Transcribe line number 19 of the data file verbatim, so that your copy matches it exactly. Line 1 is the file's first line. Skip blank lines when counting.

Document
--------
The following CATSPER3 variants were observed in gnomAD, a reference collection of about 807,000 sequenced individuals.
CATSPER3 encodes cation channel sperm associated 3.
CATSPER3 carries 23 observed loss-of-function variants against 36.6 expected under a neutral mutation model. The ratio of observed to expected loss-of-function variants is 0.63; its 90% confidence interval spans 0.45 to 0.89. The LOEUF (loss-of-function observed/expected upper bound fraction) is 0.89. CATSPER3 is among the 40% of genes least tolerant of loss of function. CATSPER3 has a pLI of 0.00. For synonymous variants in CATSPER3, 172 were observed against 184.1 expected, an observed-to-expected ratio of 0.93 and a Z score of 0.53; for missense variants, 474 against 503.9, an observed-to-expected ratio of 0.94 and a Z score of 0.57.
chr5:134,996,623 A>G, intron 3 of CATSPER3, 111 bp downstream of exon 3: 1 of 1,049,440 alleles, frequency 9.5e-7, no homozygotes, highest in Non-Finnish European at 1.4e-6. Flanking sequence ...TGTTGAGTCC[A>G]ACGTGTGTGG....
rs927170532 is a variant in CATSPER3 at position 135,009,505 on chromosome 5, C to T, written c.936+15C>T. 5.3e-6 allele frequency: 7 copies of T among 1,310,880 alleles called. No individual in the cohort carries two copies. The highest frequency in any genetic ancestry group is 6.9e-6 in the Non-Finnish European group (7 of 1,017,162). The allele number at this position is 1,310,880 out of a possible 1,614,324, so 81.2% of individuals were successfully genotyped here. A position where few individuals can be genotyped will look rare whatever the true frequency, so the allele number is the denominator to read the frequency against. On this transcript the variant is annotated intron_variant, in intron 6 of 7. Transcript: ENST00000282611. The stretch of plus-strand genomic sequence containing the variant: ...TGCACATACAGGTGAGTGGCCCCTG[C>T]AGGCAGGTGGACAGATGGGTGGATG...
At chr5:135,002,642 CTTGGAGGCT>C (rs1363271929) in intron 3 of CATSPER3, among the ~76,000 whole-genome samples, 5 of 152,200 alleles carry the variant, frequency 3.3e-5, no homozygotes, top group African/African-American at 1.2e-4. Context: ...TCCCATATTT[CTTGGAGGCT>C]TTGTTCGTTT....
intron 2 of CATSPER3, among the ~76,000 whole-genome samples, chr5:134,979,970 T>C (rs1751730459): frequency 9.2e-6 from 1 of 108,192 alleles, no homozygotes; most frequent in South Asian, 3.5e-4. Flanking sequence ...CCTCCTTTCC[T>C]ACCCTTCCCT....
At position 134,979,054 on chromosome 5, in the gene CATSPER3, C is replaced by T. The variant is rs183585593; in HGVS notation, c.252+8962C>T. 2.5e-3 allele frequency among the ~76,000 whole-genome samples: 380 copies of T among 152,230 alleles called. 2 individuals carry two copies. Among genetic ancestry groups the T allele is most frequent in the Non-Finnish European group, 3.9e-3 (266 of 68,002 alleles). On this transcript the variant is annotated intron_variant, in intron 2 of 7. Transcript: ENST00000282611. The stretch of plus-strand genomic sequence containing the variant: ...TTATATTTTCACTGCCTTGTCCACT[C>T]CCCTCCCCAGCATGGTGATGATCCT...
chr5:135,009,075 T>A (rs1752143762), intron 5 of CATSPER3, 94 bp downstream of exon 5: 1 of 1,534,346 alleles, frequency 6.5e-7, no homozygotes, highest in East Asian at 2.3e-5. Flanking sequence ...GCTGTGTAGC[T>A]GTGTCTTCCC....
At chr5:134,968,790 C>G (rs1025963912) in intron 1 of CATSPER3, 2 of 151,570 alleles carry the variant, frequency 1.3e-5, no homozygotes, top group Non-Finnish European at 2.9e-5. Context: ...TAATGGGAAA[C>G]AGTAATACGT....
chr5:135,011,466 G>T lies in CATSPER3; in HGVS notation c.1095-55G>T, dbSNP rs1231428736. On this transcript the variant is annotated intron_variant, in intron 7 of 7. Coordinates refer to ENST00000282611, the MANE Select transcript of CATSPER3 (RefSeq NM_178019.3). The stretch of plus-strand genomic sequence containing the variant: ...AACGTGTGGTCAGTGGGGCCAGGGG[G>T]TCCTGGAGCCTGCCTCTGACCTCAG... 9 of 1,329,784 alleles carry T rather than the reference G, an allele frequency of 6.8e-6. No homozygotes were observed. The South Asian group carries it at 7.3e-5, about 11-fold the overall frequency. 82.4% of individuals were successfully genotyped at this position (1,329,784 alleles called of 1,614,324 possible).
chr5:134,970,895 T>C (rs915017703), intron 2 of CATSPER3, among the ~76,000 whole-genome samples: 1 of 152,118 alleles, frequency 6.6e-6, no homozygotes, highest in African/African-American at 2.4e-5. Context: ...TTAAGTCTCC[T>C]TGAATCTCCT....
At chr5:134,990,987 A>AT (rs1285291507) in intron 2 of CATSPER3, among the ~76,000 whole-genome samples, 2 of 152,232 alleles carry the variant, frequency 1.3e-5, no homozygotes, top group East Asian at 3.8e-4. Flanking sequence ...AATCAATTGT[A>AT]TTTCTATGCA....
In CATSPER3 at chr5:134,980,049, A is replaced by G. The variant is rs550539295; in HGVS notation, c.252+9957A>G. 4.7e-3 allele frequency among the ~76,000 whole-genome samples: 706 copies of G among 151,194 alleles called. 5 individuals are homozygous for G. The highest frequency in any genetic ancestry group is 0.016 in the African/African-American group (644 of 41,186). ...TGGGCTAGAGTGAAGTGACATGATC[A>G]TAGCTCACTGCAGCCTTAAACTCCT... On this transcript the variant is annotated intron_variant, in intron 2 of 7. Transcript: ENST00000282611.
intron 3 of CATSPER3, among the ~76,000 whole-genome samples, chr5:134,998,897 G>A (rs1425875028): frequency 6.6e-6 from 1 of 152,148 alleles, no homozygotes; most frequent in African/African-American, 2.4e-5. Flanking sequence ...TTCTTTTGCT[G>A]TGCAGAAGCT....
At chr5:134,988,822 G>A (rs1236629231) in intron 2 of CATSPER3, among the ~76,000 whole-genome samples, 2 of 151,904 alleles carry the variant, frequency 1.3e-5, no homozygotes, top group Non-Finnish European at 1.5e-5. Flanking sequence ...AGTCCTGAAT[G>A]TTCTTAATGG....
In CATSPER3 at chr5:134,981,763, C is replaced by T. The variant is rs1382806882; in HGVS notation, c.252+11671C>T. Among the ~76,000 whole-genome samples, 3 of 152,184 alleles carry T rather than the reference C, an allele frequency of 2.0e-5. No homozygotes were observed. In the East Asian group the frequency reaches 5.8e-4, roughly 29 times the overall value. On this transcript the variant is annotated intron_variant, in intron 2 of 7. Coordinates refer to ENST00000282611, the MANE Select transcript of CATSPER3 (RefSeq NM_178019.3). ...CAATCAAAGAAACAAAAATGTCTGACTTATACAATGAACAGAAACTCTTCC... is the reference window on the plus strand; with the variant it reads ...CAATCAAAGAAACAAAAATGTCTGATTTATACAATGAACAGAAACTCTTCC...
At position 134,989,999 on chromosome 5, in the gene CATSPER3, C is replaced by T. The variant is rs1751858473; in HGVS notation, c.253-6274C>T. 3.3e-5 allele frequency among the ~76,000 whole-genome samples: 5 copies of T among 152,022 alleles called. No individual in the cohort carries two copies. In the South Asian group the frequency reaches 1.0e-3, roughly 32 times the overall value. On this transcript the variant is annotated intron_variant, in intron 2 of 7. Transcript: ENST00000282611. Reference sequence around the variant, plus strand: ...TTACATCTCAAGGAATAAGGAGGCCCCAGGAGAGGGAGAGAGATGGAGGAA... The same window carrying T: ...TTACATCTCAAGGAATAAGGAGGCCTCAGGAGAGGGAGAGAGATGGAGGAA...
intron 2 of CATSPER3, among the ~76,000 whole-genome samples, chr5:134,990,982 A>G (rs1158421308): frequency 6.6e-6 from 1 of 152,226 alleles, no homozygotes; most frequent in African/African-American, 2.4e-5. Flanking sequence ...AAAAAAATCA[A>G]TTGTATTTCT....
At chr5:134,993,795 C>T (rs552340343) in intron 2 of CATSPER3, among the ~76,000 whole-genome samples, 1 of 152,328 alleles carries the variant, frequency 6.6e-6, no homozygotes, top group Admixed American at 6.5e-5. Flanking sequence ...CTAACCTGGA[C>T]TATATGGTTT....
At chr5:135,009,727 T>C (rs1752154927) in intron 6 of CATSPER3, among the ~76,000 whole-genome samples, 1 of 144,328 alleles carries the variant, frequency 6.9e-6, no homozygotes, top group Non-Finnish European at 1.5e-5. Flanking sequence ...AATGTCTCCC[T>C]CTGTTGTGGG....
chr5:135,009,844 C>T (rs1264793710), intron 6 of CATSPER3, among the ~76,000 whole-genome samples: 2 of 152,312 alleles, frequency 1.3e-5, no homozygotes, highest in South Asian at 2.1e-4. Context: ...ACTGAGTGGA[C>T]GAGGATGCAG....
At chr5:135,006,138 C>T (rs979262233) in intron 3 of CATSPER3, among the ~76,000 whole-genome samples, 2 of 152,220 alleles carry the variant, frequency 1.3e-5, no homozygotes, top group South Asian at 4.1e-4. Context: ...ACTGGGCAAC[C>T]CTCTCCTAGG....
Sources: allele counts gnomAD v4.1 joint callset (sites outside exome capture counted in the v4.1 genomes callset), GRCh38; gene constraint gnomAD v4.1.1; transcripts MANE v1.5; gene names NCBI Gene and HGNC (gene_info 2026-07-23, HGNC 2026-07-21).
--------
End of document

intron 2 of CATSPER3, among the ~76,000 whole-genome samples, chr5:134,990,982 A>G (rs1158421308): frequency 6.6e-6 from 1 of 152,226 alleles, no homozygotes; most frequent in African/African-American, 2.4e-5. Flanking sequence ...AAAAAAATCA[A>G]TTGTATTTCT....